Under the proposed rule, CMS would reduce payments for code G0463 at all off-campus provider-based departments to 40% of the OPPS rate, which would be about $46. The rule also proposes to apply site-neutral payments to "grandfathered" providers for particular services.
What the proposed change could mean for Medicare providers, beneficiaries
According to Vox, the proposed change, if finalized, would mean Medicare would pay providers at outpatient departments the same as providers at regular doctor's offices for identical procedures, whereas they currently could be paid different rates for the same procedure. CMS estimated the proposed change, if finalized, would save Medicare about $610 million in 2019 and would save each beneficiary about $14 in copayments per visit.
Billy Wynne, founder and CEO of the Wynne Health Group, in the Health Affairs Blog wrote that those savings largely would stem from a "net overall reduction in hospital payments that would be effectuated under the rule."
Farzad Mostashari, CEO and founder of Aledade and the former National Coordinator for Health IT under the Obama administration, said the proposed rule would result in hospitals seeing a projected $900 million in cuts to Medicare payments for outpatient services, which would represent about 1% of the $75 billion hospitals currently receive in such payments.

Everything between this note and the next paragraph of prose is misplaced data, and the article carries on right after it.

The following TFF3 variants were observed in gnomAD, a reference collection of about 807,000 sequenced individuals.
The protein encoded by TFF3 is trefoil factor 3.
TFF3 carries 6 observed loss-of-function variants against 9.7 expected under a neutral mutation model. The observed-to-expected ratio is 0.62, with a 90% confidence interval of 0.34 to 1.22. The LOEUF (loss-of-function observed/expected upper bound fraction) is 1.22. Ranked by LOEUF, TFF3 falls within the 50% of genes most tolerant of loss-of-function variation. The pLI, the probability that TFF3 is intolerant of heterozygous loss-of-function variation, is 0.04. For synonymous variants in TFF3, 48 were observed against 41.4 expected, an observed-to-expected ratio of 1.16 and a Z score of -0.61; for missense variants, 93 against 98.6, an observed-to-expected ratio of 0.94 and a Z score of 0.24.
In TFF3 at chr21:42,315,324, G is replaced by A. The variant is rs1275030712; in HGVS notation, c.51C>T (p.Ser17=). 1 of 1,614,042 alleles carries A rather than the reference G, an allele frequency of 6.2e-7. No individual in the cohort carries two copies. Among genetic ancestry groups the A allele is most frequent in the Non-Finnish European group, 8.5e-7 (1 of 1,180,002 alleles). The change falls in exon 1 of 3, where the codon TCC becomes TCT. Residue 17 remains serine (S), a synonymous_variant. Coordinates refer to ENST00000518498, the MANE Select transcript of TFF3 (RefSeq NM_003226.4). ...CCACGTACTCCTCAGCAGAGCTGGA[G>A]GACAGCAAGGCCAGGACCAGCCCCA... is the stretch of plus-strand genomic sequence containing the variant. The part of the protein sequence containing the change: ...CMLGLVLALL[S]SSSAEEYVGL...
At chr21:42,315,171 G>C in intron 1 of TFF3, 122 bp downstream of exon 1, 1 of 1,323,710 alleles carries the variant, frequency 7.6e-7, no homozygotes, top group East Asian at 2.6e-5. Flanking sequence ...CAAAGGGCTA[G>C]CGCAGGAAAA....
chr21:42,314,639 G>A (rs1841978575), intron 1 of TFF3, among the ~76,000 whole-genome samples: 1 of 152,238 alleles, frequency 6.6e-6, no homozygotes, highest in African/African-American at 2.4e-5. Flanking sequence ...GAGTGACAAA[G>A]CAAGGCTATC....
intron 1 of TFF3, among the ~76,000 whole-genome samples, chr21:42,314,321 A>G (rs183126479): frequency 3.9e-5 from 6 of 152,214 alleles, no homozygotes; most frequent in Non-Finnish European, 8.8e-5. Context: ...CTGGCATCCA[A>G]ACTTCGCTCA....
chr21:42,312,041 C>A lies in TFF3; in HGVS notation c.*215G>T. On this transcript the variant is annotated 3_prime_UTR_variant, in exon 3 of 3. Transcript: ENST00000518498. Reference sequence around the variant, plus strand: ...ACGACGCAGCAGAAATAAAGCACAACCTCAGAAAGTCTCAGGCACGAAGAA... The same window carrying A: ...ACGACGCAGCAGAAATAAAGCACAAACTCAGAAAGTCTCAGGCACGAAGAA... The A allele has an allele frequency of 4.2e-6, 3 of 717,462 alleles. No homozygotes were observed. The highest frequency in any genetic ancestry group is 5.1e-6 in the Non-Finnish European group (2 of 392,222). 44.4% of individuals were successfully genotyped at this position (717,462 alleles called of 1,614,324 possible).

Still, hospitals are opposing the proposed change, and potentially could file lawsuits seeking to block it if the proposed rule is finalized, Vox reports.
Tom Nickels, executive vice president of government relation and public policy at the American Hospitals Association, in a statement said the proposed rule "showed a lack of understanding about the reality in which hospitals and health systems operate daily to serve the needs of their communities." He said the proposed change "would penalize hospital outpatient departments that expand the types of critical services they offer to their communities–preventing them from caring for the changing needs of their patients" (Scott, Vox, 7/27; AHA statement, 7/25).